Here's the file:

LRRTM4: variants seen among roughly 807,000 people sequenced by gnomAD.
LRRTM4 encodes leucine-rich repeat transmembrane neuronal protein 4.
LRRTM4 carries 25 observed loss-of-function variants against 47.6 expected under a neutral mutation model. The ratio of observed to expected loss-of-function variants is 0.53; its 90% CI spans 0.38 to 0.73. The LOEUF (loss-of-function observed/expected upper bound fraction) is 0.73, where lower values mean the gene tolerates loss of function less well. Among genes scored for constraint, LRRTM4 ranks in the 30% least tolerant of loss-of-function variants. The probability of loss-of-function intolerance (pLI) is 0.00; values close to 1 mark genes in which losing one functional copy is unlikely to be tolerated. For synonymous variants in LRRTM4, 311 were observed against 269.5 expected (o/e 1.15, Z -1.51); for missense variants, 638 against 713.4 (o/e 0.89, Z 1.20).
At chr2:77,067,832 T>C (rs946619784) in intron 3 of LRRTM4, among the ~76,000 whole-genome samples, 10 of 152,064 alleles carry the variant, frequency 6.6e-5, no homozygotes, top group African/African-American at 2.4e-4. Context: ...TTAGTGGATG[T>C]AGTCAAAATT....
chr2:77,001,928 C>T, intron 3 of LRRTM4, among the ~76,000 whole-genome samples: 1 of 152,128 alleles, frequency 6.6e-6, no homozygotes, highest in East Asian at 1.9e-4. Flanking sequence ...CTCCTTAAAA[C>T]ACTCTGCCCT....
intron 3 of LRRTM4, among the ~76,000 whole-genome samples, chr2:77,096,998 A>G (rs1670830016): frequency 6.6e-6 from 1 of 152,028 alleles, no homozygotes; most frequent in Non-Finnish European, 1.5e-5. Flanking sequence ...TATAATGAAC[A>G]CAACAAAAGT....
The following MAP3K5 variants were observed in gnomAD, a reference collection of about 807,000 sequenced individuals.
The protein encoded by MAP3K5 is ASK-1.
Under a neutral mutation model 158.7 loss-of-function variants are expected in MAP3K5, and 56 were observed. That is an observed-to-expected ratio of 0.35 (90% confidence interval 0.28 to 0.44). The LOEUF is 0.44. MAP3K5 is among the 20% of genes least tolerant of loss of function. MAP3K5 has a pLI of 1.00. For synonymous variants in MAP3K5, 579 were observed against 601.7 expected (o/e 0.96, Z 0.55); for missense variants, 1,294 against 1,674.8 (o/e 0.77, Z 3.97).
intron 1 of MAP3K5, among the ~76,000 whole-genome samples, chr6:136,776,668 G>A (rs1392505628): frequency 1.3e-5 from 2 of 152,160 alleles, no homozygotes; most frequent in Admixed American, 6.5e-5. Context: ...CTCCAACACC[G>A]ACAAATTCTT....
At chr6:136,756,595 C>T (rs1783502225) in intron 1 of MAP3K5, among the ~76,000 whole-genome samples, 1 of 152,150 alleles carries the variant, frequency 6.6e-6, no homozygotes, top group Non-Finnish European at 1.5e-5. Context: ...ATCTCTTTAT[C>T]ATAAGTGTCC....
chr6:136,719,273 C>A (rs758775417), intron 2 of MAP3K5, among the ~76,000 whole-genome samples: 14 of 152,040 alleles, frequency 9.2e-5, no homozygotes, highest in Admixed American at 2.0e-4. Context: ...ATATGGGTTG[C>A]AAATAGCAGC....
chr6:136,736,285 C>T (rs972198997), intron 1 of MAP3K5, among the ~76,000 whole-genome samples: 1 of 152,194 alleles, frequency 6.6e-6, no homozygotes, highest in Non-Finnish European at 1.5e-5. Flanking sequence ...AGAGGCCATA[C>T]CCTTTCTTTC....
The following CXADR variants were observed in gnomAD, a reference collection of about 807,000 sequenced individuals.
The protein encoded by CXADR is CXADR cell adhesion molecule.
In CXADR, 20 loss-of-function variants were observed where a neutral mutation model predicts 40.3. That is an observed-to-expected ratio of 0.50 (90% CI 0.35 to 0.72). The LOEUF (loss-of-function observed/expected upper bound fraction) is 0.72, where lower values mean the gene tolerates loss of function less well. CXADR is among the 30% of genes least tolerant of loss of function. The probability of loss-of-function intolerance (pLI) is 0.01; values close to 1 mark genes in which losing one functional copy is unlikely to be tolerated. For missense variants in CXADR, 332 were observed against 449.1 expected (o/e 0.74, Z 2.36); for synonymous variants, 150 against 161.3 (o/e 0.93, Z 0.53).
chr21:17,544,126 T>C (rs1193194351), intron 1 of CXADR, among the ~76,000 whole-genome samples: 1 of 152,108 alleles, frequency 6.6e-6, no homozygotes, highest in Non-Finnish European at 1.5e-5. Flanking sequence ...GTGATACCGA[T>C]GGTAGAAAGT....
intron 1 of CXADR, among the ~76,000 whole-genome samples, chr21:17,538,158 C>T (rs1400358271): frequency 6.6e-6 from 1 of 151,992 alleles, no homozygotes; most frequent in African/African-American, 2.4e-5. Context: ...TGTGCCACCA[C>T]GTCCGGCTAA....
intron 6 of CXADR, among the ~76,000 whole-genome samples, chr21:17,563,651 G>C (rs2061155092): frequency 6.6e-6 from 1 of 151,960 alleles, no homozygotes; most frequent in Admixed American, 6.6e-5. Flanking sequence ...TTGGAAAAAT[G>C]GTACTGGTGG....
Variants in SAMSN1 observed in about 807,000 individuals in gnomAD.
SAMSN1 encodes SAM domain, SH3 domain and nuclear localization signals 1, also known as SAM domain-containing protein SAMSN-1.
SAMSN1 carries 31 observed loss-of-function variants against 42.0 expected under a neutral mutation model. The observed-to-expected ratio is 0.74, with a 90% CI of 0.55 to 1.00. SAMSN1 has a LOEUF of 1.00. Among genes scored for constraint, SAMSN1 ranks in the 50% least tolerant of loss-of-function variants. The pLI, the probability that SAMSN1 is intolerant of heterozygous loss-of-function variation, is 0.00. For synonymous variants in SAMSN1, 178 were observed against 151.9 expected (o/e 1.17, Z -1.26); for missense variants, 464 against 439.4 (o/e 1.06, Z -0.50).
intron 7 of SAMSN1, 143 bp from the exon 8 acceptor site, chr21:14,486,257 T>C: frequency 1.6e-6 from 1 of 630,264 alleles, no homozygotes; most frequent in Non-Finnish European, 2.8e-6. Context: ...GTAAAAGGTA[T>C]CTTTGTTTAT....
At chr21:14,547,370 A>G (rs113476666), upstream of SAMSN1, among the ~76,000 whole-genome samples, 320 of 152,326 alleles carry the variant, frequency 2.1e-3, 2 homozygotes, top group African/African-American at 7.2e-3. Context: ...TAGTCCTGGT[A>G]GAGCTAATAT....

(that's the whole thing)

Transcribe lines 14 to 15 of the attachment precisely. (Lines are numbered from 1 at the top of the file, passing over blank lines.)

The following CXADR variants were observed in gnomAD, a reference collection of about 807,000 sequenced individuals.
The protein encoded by CXADR is CXADR cell adhesion molecule.